Supreme Court fires strong warning to governors facing graft charges
NATIONAL | By Amos Kareithi | October 25th 2021
Governors facing graft charges have reason to worry after Supreme Court declared that courts were justified to bar them from their offices until they are cleared.
The Friday judgment followed an appeal by former Kiambu Governor Ferdinand Waititu challenging Court of Appeal’s upholding of a lower court’s decision to bar him from accessing his office until a graft case against him was determined.
The governor appealed before Supreme Court Justices Mohammed Ibrahim, Smokin Wanjala, Njoki Ndung’u and Isaac Lenaola on February 4, 2019. He was seeking orders to set aside the judgment of the Court of Appeal delivered by Justices Daniel Musinga, Kairu Gatembu and Agnes Murgor on December 20, 2019.
The case arose after Waititu was arrested and, alongside Susan Wangari, charged, with three counts of dealing with suspect property and conflict of interest.
He denied all the counts before a chief magistrate’s court on July 29, 2019. He was granted conditional release upon payment of Sh15 million cash bail, or a bond of Sh30 million with surety of a similar amount.
The trial court also warned Waititu not to access his public office until the hearing and determination of his case, conditions he felt were too punitive and calculated to kick him out.
Waititu appealed the decision in High Court, arguing that the bail and bond terms were excessive and amounted to a removal and/or suspension from office.
His application was rejected by High Court judge Ngenye Macharia on August 2019. Justice Ngenye held that attaching conditions to the grant of bail was not tantamount to removal of the appellant from office.
The judge further found that the trial magistrate did not err in barring Waititu from accessing his office since the charges against him were grave owing to his position, the weight of the offence and the public interest. In the High Court’s opinion, there was need for stringent bail terms to be attached.
The judge also noted that the setting of bond or bail amounts is an exercise of discretion and that an appellate court should be slow and cautious to interfere with. It is this decision that Waititu appealed against at the Court of Appeal which, however, was not convinced by his arguments.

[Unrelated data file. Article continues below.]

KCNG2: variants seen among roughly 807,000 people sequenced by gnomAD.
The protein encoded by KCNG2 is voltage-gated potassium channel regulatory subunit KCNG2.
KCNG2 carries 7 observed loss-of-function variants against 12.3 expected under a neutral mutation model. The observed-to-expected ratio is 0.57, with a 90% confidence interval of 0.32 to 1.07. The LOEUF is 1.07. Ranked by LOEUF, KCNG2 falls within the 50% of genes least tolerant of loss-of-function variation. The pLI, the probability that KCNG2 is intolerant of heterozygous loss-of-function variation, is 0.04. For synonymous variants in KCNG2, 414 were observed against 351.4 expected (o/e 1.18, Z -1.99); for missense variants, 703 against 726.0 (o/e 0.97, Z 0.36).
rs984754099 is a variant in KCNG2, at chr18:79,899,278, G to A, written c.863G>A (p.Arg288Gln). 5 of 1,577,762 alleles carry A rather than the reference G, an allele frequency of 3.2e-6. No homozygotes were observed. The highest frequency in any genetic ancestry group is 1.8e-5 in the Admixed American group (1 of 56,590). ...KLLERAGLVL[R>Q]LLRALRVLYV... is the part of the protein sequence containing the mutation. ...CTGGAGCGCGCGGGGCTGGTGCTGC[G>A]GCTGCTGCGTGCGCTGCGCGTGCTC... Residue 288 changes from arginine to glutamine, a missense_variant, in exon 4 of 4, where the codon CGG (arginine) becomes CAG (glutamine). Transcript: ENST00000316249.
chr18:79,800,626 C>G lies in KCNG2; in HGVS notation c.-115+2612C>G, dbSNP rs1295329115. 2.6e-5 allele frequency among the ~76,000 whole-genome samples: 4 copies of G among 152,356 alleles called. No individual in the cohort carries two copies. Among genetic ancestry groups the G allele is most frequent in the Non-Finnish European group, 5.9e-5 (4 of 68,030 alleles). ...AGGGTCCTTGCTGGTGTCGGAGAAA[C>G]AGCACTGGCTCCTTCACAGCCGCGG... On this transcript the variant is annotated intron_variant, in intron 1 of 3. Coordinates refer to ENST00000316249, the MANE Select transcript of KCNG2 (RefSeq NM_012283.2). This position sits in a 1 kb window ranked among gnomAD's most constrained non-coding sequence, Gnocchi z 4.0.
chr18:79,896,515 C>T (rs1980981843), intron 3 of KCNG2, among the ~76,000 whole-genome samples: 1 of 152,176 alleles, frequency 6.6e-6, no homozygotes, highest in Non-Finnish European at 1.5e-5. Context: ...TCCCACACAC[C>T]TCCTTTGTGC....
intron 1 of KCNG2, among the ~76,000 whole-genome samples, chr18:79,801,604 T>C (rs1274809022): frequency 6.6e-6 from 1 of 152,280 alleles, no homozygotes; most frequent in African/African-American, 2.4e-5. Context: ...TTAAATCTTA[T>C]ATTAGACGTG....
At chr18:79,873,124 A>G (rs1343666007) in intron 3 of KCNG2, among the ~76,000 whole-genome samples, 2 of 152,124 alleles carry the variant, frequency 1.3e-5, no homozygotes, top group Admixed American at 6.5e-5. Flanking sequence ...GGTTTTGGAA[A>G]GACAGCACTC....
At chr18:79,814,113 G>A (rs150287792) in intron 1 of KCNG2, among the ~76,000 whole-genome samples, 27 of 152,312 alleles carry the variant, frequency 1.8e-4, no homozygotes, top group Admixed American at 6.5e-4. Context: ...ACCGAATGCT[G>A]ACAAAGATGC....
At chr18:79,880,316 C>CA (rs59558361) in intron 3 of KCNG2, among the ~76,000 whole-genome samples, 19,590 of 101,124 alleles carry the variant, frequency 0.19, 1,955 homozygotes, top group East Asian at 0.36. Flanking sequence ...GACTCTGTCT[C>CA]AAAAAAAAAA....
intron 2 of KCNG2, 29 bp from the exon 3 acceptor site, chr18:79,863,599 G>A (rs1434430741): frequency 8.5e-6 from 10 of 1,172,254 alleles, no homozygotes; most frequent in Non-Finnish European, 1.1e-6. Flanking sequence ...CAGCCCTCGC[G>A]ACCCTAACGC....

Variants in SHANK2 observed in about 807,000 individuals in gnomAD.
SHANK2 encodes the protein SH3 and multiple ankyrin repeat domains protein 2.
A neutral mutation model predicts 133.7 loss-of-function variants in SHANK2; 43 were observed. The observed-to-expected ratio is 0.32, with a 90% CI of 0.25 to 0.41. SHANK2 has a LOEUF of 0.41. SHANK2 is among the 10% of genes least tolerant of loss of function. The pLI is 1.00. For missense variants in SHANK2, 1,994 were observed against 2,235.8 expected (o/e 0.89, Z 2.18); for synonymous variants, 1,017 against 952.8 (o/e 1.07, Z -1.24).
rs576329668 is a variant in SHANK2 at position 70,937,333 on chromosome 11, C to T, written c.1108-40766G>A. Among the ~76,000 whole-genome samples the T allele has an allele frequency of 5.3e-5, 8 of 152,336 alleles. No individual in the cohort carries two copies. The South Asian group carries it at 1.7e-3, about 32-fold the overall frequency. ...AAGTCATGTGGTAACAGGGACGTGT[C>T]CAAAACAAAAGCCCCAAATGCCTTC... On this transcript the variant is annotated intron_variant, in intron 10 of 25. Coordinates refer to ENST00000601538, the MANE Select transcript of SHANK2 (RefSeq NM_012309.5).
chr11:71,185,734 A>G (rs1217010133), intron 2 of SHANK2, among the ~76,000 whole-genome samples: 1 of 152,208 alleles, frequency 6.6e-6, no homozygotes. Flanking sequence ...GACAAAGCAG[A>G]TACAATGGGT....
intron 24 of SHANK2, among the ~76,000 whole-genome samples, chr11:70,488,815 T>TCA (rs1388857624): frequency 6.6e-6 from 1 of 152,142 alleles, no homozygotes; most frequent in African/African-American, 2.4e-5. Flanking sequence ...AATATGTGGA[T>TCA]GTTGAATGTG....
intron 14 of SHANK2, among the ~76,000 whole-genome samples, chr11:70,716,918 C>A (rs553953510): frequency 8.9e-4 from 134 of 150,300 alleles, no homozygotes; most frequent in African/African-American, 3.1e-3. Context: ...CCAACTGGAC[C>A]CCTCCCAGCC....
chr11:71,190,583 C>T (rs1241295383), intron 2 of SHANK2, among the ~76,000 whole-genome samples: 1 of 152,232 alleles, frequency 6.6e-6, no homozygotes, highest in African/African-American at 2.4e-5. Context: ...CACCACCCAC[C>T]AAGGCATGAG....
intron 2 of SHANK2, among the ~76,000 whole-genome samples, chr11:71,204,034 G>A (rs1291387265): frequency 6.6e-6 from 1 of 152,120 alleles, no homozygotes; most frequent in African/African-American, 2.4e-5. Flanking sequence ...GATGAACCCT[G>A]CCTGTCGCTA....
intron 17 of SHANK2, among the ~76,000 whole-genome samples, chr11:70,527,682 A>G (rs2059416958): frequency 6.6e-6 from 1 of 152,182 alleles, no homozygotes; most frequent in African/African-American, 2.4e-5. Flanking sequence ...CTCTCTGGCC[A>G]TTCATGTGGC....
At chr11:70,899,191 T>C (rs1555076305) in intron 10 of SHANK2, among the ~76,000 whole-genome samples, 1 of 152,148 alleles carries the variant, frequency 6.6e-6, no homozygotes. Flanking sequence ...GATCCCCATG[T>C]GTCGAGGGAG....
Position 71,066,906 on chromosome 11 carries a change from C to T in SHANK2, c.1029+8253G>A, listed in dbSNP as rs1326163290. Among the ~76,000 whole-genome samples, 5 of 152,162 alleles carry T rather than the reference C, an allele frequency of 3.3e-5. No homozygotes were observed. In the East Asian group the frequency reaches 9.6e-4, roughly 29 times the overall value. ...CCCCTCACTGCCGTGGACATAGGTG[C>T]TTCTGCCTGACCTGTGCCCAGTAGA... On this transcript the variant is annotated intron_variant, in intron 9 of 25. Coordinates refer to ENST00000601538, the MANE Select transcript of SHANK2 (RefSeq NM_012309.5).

“The circumstances under which the alleged offences were committed and that some of the prosecution witnesses were county staff who are answerable to the appellant, it was not far-fetched for the prosecution to contend that the appellant would most likely interfere with witnesses or conduct himself in a manner likely to compromise the case if he was not barred from accessing his office during the pendency of the trial,” the judges ruled.
The appeal court also declined Waititu’s prayer that the bail and cash bail be lowered, observing that the trial court had discretionary powers to uphold the terms and this mandate should not be interfered with “unless it was shown that the decision was plainly wrong, or granted without consideration of relevant factors”.
When Waititu went to the Supreme Court, he was seeking the Sh15 million cash bail be lowered to Sh2 million and the bond of Sh30 million be reduced to Sh5 million. While prosecuting his appeal, Waititu argued that the Constitution and the County Governments Act do not envisage the constitutionally delineated functions of governor being taken up by a deputy governor while the former is still in office.
He told Supreme Court that Court of Appeal had not appreciated legal implications of temporary deprivation of the powers of a governor’s access to office, which resulted in bad precedent, which should not be encouraged.
The court sealed Waititu’s fate thus: “For the above reasons, the appeal therefore fails” and ordered him to bear the costs of the case.
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